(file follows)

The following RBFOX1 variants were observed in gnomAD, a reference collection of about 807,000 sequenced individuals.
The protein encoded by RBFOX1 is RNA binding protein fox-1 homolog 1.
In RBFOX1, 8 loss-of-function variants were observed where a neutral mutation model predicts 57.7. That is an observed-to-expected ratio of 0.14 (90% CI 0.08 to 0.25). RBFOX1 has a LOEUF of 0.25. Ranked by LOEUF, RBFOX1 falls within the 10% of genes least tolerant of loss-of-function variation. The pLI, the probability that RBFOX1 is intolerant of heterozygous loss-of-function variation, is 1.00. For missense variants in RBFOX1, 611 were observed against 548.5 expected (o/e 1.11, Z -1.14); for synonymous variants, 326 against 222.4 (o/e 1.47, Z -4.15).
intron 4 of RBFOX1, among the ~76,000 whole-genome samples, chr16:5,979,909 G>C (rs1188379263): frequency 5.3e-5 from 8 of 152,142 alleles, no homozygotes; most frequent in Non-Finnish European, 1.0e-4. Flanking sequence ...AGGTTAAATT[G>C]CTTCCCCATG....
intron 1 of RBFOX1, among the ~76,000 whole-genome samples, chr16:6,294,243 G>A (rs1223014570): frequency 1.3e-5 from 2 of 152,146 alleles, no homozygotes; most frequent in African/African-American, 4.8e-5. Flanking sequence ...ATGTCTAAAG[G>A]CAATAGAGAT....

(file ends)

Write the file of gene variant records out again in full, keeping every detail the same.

The following RBFOX1 variants were observed in gnomAD, a reference collection of about 807,000 sequenced individuals.
The protein encoded by RBFOX1 is RNA binding protein fox-1 homolog 1.
In RBFOX1, 8 loss-of-function variants were observed where a neutral mutation model predicts 57.7. That is an observed-to-expected ratio of 0.14 (90% CI 0.08 to 0.25). RBFOX1 has a LOEUF of 0.25. Ranked by LOEUF, RBFOX1 falls within the 10% of genes least tolerant of loss-of-function variation. The pLI, the probability that RBFOX1 is intolerant of heterozygous loss-of-function variation, is 1.00. For missense variants in RBFOX1, 611 were observed against 548.5 expected (o/e 1.11, Z -1.14); for synonymous variants, 326 against 222.4 (o/e 1.47, Z -4.15).
intron 4 of RBFOX1, among the ~76,000 whole-genome samples, chr16:5,979,909 G>C (rs1188379263): frequency 5.3e-5 from 8 of 152,142 alleles, no homozygotes; most frequent in Non-Finnish European, 1.0e-4. Flanking sequence ...AGGTTAAATT[G>C]CTTCCCCATG....
intron 1 of RBFOX1, among the ~76,000 whole-genome samples, chr16:6,294,243 G>A (rs1223014570): frequency 1.3e-5 from 2 of 152,146 alleles, no homozygotes; most frequent in African/African-American, 4.8e-5. Flanking sequence ...ATGTCTAAAG[G>A]CAATAGAGAT....